How does it begin?
By Rhian D

How does it begin? How does depression start? It begins by feeling tired, and everything feels hard. First, I start to feel achy and listless. There is an overwhelming feeling that I don’t want to do anything, or see anyone. Then, depression and self harm can follow.

Putting One Foot In Front of the Other Is a Huge Effort

I lie on the sofa, and I feel like a hand is pushing on my chest stopping me from getting up. Putting one foot in front of the other, is a huge effort, and I know that depression is coming. The voice that whispers the uncomfortable truths: you’re fat, ugly, stupid, worthless, why are you alive, you don’t contribute anything to the world.

I Become Flooded with Images of Self Harm

Then come the floods of images of self harm. I can see myself slashing my wrists, pouring boiling water on my arm, or cutting my stomach. There is an attempt on my part to block out the onslaught, but it keeps coming. It wears me down, grinding me to nothing, until I can’t look in a mirror. Then, I can’t be with anyone and everything is black.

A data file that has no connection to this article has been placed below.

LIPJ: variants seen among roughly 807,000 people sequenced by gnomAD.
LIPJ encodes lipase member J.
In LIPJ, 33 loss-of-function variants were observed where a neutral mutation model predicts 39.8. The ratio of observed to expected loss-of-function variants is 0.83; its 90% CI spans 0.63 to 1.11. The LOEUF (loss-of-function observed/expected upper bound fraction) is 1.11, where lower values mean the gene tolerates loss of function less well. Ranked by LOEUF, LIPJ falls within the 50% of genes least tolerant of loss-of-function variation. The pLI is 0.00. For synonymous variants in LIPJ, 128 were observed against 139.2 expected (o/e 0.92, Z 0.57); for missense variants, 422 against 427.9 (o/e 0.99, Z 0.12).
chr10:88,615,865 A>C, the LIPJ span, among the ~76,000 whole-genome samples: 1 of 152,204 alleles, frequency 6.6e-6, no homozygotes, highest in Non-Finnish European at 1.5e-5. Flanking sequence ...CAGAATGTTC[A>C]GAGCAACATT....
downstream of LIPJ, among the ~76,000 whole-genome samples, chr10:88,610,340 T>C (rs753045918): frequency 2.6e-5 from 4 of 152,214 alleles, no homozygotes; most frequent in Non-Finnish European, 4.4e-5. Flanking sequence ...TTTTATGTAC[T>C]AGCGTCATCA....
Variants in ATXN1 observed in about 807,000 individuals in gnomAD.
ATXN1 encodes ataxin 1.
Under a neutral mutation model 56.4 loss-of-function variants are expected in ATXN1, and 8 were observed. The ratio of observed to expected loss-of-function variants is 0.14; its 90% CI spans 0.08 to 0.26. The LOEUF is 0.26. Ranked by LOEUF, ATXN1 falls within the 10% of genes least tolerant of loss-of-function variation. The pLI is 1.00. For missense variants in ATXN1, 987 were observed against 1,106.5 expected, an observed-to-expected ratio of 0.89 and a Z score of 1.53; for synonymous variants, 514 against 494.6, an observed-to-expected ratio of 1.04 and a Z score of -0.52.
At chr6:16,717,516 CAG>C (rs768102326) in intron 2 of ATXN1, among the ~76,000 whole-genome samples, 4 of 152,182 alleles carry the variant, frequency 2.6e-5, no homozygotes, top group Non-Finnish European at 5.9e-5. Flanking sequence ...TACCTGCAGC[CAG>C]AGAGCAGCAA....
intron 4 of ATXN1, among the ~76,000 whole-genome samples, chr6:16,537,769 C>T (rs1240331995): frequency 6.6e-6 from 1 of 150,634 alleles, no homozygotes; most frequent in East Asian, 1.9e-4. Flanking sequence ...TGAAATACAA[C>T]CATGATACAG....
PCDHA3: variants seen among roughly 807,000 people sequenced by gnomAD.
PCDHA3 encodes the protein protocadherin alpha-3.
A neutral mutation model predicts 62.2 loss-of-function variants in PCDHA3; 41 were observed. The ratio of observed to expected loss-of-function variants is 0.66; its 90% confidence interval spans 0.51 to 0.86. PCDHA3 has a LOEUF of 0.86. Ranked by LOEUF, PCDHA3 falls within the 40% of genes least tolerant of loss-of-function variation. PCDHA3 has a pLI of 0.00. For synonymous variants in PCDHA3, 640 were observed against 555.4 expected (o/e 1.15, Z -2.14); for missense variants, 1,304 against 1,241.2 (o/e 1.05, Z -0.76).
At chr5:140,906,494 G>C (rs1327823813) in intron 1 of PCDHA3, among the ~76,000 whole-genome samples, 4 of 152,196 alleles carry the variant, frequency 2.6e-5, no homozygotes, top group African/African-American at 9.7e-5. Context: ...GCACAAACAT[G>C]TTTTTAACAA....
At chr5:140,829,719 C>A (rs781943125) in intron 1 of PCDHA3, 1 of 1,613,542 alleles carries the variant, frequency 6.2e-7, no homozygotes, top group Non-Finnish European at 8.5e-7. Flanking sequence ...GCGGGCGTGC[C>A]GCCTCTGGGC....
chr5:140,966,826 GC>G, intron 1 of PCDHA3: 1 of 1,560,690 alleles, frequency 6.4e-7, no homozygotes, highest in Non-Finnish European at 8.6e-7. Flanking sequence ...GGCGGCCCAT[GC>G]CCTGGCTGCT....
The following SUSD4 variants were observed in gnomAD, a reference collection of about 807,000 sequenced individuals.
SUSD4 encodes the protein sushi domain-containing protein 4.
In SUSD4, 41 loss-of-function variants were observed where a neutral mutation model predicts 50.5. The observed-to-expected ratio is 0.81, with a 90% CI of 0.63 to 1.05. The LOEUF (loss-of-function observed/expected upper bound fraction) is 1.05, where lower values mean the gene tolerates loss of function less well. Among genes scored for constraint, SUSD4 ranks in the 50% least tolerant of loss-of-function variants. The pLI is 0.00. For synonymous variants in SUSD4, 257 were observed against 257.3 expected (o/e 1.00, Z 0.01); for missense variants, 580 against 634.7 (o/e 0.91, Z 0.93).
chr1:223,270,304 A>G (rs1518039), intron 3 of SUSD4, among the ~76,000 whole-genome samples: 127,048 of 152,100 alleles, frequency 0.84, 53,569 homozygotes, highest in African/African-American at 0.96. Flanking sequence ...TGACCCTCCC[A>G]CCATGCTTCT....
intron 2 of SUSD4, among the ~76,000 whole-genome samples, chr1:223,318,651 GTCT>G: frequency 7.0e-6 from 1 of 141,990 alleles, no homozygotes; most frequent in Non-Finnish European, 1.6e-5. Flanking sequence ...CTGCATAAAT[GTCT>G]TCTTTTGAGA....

I can see no future, as I don’t deserve one. There is a feeling like I am vacant, lifeless, and hopeless. I am at war with my mind, and depression and self harm are winning.

This Battle Lasts Varying Lengths of Time

How long this battle last varies. Sometimes I cave, and self-harm. This prevents me from overdosing. Other times, I am stronger and I win outright. When it is over I am weary but grateful that I did not succumb. I am still here, and still fighting.

I’ve Had These Attacks My Whole Adult Life

I have had these attacks my whole adult life, but as I age they grow in frequency. While I used to have two months’ reprieve, I am lucky now if it is weeks. The last few months have been really hard, as I have changed my medication. There has been increased counselling, and I have had to take time off work. My fear is that I will not get back to how I was before.

I Still Fight On

I used to be scared that my illness would eventually stop me from working and living my life, and for the moment that is true. The weariness from the fight, and not knowing how I am going to feel every day, makes me feel like I’m controlled by depression.

I will continue to search to find the best medication and counselling for me, but I have a feeling deep down that I will never truly escape from it. The voice in the dark is always near. I still fight on, as we all should as much as we can.

Stay strong. x

1in4 mental health anthology

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